Contrary to popular belief, the main task of a compressor is not to increase the perceived volume but rather to gain consistency in terms of dynamics. To be clear, the goal is to to reduce the difference between the loudest and softest parts of a song. In mastering, it increases the comfort of the listener, who will not need to constantly adjust the listening volume, not only during a song, but also for the different songs of an album — once again, sonic coherence is key.
There is no need to compress drastically to get the expected result. A subtle processing is the most appropriate, as we will see.
To learn more about the different parameters of a compressor, please refer to a previous article on that subject. Let's go to the heart of the matter at hand!
First of all, set a goal: 2 dB to 3 dB of gain reduction, at the most, ought to be more than enough in most cases. You can obviously adjust that depending on the musical style, upward if you aim at the dance floor and downward if you're working on more "classic" stuff, but always with caution. Keeping that in mind, your compression will "breathe" naturally and should go unnoticed.
The aim of the game being clear now, let's move on to the ratio. Once again, there's no need to overdo it! A 2:1 ratio is a limit that shouldn't be exceeded, at the risk of deteriorating the vitality that you patiently imbued into your mix. Consider an attack time between 20 to 30 milliseconds and a release time of 250 milliseconds as a starting point. Then, lower the threshold of your compressor until you reach the famous 2 dB to 3 dB of gain reduction in the loudest sections. If needed, use the Makeup Gain to recover the loss in perceived volume and listen closely to the result by toggling between the mix with and without compression…If nothing shocks you, you are on the right path!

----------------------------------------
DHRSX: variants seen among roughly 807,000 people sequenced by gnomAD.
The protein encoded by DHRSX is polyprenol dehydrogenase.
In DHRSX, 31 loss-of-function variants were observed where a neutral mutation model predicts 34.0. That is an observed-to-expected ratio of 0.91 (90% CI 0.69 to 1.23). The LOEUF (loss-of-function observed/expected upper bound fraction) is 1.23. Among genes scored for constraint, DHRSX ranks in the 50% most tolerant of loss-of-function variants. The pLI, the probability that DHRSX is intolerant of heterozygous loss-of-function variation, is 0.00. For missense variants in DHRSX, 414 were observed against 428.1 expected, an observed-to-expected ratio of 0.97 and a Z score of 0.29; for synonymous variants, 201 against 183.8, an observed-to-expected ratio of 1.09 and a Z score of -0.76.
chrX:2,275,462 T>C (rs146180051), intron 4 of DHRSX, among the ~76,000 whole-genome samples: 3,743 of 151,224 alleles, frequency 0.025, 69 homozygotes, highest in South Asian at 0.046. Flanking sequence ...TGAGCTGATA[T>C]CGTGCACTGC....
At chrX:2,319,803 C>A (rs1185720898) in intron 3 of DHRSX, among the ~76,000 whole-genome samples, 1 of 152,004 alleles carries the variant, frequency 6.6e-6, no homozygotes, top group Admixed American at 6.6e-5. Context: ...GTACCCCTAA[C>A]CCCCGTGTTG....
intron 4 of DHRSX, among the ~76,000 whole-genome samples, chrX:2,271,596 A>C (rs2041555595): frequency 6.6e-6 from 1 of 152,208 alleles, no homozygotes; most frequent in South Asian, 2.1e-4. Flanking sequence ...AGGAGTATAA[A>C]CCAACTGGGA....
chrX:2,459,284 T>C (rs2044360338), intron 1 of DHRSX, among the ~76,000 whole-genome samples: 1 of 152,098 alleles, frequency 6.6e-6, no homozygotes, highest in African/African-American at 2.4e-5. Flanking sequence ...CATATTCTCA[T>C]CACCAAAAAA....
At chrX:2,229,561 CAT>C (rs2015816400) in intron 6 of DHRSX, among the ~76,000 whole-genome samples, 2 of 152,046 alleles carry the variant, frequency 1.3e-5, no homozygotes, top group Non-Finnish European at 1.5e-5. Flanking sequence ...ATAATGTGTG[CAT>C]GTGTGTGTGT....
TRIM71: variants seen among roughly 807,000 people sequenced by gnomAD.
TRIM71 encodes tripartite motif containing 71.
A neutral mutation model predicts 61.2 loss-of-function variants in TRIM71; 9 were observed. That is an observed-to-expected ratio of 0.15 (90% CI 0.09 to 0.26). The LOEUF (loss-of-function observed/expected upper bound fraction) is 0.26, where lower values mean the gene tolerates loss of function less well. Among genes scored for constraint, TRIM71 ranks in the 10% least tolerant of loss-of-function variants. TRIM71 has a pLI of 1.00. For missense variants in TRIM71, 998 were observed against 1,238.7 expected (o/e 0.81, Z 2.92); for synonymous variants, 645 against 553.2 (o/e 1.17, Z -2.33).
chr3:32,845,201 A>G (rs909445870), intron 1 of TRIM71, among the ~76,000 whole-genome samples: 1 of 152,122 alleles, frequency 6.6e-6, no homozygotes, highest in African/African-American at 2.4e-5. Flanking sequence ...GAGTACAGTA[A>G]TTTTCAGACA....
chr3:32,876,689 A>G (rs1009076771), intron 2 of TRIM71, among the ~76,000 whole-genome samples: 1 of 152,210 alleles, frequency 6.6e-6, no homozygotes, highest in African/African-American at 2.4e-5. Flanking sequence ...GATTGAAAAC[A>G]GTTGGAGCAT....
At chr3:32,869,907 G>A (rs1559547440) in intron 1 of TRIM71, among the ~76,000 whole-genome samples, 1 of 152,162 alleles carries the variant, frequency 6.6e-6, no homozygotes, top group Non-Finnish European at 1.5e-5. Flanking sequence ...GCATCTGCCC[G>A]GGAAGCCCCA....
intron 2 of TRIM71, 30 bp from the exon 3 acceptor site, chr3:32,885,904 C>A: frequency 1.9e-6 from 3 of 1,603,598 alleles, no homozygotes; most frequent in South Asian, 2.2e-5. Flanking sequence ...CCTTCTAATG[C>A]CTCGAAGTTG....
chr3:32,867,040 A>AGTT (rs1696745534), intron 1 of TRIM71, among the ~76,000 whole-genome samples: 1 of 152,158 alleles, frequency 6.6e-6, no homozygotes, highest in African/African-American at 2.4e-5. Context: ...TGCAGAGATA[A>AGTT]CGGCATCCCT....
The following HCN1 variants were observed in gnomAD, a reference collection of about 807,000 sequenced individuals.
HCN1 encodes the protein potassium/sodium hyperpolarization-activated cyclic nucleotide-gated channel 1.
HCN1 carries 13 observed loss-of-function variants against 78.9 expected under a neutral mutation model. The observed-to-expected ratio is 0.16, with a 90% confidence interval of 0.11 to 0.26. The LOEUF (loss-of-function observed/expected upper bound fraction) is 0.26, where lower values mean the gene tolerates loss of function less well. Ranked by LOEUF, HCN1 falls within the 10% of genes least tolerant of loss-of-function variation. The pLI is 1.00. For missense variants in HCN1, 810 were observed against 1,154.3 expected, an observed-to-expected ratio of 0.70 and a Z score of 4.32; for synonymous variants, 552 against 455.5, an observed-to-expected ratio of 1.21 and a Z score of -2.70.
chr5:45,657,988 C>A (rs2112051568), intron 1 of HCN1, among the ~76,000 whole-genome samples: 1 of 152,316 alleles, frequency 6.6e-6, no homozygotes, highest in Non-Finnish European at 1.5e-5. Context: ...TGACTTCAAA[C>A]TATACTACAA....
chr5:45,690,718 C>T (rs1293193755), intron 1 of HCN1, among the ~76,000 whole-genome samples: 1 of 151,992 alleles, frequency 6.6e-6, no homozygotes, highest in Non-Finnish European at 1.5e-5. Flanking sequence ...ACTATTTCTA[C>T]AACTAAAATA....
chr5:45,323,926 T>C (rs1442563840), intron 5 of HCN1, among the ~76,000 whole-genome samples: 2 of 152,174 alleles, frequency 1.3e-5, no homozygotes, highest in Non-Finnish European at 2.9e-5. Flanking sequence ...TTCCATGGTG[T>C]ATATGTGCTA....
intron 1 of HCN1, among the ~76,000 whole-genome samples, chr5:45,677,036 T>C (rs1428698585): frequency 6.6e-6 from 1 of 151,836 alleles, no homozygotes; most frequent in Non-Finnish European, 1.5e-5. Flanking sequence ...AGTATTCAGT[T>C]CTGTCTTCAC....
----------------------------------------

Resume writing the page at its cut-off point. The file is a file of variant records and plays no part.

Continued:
But now you still have to adjust the attack and release times. Start by gently lowering the attack time. If you start hearing "crackles" it means that you have gone too far. A very fast attack time results in distortion. While that may be interesting during mixdown, it isn't during mastering, so go back a couple of milliseconds. Setting the release time is just as delicate. A slow release time will result in a pumping effect, while if it's too fast it will not allow the compressor to come back to its resting position between two peaks. You will have to find the best balance that allows the compression to do its job without being heard. A good means to achieve that consists in checking on the gain reduction. It should "dance" to your music without forcing the rhythm. Do note that working with the time constants of a compressor will inevitably affect the gain reduction, so you will need to readjust the threshold to achieve 2 dB to 3 dB of reduction, and the Makeup Gain to end up with a coherent listening level between the compressed and unprocessed sound.
And we still haven't said anything about the knee action: Should it be soft or hard? Most times, we recommend you to use a soft knee to have a progressive and, thus, more transparent behavior. That said, personally, I've always preferred a hard-knee action, because it sounds more musical to my ears when dealing with so-called "modern" music.
Once you have set all the above, you should end up with a more balanced sound in terms of dynamics, without having sacrificed the vitality of your music. The different instruments ought to hang together in a more natural way, as a whole. That's what is usually called the "glue" effect in many forums. It might seem a pretty vague concept right now, but you'll know when you get it right!
In the next part we will tackle the thorny subject of multi-band compression.